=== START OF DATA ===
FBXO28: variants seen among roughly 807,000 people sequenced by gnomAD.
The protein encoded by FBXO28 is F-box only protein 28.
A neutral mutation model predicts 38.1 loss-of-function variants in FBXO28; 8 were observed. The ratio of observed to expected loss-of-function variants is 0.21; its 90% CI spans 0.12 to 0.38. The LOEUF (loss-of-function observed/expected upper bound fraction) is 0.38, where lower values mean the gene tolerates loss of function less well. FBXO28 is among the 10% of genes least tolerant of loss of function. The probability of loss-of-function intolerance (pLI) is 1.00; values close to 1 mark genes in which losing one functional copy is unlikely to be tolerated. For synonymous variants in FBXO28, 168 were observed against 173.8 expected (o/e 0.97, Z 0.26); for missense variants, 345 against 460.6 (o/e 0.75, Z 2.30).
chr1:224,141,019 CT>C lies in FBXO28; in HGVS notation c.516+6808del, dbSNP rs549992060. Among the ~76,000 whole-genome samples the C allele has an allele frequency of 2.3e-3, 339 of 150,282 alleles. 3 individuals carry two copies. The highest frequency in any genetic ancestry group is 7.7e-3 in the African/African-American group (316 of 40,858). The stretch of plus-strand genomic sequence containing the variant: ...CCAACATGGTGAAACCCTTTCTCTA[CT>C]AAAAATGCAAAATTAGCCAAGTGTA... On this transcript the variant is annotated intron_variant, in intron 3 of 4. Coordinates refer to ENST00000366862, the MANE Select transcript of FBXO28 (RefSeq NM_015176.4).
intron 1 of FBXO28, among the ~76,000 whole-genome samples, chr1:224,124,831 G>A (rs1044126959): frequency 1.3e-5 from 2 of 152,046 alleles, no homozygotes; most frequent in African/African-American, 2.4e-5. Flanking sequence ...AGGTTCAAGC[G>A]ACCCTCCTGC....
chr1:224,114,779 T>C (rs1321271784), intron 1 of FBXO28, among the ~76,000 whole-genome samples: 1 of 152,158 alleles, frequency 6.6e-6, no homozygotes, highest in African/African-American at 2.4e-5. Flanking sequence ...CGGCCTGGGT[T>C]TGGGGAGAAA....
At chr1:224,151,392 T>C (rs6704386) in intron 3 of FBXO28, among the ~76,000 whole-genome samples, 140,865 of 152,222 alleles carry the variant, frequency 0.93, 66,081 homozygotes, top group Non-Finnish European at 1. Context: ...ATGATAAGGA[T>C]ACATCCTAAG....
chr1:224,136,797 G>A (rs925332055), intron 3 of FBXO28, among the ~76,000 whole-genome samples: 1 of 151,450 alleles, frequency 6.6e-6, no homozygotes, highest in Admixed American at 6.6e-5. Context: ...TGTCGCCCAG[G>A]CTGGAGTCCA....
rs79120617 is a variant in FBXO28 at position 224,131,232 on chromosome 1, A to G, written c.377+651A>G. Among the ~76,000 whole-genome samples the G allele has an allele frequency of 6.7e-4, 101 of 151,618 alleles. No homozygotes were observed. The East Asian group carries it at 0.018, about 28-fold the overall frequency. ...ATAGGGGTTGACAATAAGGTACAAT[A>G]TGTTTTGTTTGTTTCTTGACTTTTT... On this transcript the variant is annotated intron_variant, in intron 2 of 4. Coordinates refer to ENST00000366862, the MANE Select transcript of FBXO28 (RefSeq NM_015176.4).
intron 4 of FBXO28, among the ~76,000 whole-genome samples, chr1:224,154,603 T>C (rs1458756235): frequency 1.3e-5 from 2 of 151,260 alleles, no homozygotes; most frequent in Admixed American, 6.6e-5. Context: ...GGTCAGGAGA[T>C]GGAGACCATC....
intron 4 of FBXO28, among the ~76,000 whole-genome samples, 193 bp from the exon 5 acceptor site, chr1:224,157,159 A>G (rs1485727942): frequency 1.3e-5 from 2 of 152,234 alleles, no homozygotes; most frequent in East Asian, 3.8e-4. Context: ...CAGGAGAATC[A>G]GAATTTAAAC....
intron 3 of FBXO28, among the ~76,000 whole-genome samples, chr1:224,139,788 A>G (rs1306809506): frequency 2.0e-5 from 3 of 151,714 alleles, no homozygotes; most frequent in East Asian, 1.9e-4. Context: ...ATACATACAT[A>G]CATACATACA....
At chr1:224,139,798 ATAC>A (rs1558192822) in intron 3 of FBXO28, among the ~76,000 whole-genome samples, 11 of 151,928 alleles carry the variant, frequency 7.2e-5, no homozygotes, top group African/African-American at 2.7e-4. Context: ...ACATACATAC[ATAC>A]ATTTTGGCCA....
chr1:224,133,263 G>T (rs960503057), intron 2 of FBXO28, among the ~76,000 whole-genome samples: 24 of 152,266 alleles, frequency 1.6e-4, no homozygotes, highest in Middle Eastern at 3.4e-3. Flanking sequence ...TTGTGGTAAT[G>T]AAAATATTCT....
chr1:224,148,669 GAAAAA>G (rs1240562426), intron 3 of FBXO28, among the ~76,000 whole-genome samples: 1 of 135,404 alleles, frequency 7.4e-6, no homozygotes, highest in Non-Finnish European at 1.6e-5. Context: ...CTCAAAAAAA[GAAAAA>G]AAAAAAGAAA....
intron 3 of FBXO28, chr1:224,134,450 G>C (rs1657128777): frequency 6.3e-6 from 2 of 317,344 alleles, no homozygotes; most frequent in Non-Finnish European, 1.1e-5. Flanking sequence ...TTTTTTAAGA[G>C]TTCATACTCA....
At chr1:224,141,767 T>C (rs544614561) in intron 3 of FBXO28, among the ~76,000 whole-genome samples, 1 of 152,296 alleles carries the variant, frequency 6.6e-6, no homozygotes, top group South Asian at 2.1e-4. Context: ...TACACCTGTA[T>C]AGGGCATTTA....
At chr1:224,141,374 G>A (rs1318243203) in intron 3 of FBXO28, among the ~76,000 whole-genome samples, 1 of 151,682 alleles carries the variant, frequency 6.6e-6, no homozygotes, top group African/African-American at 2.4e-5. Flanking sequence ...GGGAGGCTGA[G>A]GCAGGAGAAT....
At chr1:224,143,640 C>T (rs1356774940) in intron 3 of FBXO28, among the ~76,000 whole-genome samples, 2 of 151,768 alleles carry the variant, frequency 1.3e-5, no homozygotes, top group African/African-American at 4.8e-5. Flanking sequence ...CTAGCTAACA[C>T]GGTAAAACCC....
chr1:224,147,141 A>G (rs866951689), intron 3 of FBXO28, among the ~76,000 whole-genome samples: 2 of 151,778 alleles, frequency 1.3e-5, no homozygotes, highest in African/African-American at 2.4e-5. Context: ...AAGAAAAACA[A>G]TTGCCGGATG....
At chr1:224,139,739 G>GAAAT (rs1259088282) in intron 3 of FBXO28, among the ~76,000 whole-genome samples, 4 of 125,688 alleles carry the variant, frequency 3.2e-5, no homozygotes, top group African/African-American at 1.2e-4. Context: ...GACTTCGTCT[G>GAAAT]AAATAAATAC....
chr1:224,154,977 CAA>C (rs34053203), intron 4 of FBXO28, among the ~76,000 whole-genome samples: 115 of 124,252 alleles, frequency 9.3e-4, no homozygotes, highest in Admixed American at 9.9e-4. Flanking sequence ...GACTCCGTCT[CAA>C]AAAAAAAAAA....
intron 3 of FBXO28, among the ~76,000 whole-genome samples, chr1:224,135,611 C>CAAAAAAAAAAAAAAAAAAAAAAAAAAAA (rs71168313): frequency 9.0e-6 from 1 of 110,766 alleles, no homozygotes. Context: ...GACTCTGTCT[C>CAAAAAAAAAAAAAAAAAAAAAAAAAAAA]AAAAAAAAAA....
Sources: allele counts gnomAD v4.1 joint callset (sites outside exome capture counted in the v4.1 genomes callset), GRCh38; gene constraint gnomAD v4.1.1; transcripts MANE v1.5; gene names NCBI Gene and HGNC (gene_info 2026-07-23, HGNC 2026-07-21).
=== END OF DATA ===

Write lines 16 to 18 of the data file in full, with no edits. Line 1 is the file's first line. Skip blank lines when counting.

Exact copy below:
intron 3 of FBXO28, chr1:224,134,450 G>C (rs1657128777): frequency 6.3e-6 from 2 of 317,344 alleles, no homozygotes; most frequent in Non-Finnish European, 1.1e-5. Flanking sequence ...TTTTTTAAGA[G>C]TTCATACTCA....
At chr1:224,141,767 T>C (rs544614561) in intron 3 of FBXO28, among the ~76,000 whole-genome samples, 1 of 152,296 alleles carries the variant, frequency 6.6e-6, no homozygotes, top group South Asian at 2.1e-4. Context: ...TACACCTGTA[T>C]AGGGCATTTA....
At chr1:224,141,374 G>A (rs1318243203) in intron 3 of FBXO28, among the ~76,000 whole-genome samples, 1 of 151,682 alleles carries the variant, frequency 6.6e-6, no homozygotes, top group African/African-American at 2.4e-5. Flanking sequence ...GGGAGGCTGA[G>A]GCAGGAGAAT....